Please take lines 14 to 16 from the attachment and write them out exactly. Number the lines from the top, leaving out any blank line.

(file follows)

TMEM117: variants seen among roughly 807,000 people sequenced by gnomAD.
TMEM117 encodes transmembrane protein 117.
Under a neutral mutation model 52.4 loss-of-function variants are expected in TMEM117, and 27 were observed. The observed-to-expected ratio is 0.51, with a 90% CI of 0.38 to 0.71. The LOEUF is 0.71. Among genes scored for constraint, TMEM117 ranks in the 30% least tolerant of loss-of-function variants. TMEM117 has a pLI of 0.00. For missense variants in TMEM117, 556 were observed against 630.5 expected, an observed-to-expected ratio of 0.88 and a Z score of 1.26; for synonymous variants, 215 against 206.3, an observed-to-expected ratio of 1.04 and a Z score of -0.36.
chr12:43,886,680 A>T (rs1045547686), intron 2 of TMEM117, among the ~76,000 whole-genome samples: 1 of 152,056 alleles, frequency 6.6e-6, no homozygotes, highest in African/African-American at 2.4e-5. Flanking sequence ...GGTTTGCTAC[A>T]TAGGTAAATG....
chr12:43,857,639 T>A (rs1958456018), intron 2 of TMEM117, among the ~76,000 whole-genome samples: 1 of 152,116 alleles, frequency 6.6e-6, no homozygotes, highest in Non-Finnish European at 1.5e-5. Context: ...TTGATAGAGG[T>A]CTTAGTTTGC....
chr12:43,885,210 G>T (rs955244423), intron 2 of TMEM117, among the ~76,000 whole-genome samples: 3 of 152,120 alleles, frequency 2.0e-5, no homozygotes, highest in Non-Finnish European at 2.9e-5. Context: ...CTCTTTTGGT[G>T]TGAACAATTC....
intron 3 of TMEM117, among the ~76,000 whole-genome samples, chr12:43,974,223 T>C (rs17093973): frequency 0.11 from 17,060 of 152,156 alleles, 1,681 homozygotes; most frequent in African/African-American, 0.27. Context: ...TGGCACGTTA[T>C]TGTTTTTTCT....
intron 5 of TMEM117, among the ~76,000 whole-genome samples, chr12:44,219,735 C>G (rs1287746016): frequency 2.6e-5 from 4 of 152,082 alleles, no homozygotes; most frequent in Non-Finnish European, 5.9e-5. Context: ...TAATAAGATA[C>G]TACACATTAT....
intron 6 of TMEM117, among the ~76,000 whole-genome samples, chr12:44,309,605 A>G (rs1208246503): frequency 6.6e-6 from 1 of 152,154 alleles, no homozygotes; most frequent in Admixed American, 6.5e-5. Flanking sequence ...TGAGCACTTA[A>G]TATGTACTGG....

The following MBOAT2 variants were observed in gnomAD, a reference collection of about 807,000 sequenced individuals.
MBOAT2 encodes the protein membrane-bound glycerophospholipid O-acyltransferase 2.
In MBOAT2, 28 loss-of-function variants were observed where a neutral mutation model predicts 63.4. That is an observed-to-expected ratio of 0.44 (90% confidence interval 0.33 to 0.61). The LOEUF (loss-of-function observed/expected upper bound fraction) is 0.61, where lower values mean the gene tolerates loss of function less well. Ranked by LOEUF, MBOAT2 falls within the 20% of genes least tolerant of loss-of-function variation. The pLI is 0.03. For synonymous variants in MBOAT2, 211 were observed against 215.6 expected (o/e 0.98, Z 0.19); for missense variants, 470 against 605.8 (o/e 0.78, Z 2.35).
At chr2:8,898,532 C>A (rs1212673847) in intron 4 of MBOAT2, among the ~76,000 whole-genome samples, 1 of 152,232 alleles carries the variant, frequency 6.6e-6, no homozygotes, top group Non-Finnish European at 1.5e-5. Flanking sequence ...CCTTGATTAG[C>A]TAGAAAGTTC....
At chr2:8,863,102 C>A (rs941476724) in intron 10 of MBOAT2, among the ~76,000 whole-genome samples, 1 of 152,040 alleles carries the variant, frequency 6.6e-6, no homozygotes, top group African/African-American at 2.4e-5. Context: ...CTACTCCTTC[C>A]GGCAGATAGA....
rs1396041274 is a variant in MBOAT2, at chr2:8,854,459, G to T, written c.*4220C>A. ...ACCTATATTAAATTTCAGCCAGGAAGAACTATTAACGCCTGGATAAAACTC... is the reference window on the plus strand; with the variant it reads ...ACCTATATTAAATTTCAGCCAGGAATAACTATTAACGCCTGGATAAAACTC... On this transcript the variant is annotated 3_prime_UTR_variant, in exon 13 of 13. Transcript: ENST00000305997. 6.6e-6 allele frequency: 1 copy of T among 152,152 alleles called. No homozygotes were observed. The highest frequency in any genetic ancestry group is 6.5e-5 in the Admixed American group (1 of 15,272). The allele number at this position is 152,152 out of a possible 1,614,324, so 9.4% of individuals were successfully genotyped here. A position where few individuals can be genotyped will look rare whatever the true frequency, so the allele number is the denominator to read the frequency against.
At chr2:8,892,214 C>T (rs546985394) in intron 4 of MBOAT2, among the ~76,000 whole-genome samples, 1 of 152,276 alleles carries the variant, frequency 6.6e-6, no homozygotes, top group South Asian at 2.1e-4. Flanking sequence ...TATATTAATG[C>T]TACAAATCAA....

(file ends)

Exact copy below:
At chr2:8,863,102 C>A (rs941476724) in intron 10 of MBOAT2, among the ~76,000 whole-genome samples, 1 of 152,040 alleles carries the variant, frequency 6.6e-6, no homozygotes, top group African/African-American at 2.4e-5. Context: ...CTACTCCTTC[C>A]GGCAGATAGA....
rs1396041274 is a variant in MBOAT2, at chr2:8,854,459, G to T, written c.*4220C>A. ...ACCTATATTAAATTTCAGCCAGGAAGAACTATTAACGCCTGGATAAAACTC... is the reference window on the plus strand; with the variant it reads ...ACCTATATTAAATTTCAGCCAGGAATAACTATTAACGCCTGGATAAAACTC... On this transcript the variant is annotated 3_prime_UTR_variant, in exon 13 of 13. Transcript: ENST00000305997. 6.6e-6 allele frequency: 1 copy of T among 152,152 alleles called. No homozygotes were observed. The highest frequency in any genetic ancestry group is 6.5e-5 in the Admixed American group (1 of 15,272). The allele number at this position is 152,152 out of a possible 1,614,324, so 9.4% of individuals were successfully genotyped here. A position where few individuals can be genotyped will look rare whatever the true frequency, so the allele number is the denominator to read the frequency against.
At chr2:8,892,214 C>T (rs546985394) in intron 4 of MBOAT2, among the ~76,000 whole-genome samples, 1 of 152,276 alleles carries the variant, frequency 6.6e-6, no homozygotes, top group South Asian at 2.1e-4. Flanking sequence ...TATATTAATG[C>T]TACAAATCAA....